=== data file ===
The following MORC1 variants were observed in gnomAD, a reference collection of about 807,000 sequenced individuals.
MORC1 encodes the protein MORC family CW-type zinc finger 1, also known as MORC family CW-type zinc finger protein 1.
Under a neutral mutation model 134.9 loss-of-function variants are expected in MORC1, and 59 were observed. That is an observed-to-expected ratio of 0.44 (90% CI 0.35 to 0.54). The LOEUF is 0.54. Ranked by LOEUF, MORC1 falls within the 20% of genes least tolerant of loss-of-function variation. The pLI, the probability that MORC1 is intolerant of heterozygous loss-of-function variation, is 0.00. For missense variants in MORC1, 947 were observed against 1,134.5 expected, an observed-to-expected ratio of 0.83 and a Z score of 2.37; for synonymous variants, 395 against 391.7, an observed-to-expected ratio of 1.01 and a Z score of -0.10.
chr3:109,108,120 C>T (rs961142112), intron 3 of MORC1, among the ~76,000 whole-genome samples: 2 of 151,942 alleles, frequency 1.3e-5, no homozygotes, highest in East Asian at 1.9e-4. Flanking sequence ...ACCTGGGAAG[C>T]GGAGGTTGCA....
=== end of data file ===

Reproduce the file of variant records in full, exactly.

The following MORC1 variants were observed in gnomAD, a reference collection of about 807,000 sequenced individuals.
MORC1 encodes the protein MORC family CW-type zinc finger 1, also known as MORC family CW-type zinc finger protein 1.
Under a neutral mutation model 134.9 loss-of-function variants are expected in MORC1, and 59 were observed. That is an observed-to-expected ratio of 0.44 (90% CI 0.35 to 0.54). The LOEUF is 0.54. Ranked by LOEUF, MORC1 falls within the 20% of genes least tolerant of loss-of-function variation. The pLI, the probability that MORC1 is intolerant of heterozygous loss-of-function variation, is 0.00. For missense variants in MORC1, 947 were observed against 1,134.5 expected, an observed-to-expected ratio of 0.83 and a Z score of 2.37; for synonymous variants, 395 against 391.7, an observed-to-expected ratio of 1.01 and a Z score of -0.10.
chr3:109,108,120 C>T (rs961142112), intron 3 of MORC1, among the ~76,000 whole-genome samples: 2 of 151,942 alleles, frequency 1.3e-5, no homozygotes, highest in East Asian at 1.9e-4. Flanking sequence ...ACCTGGGAAG[C>T]GGAGGTTGCA....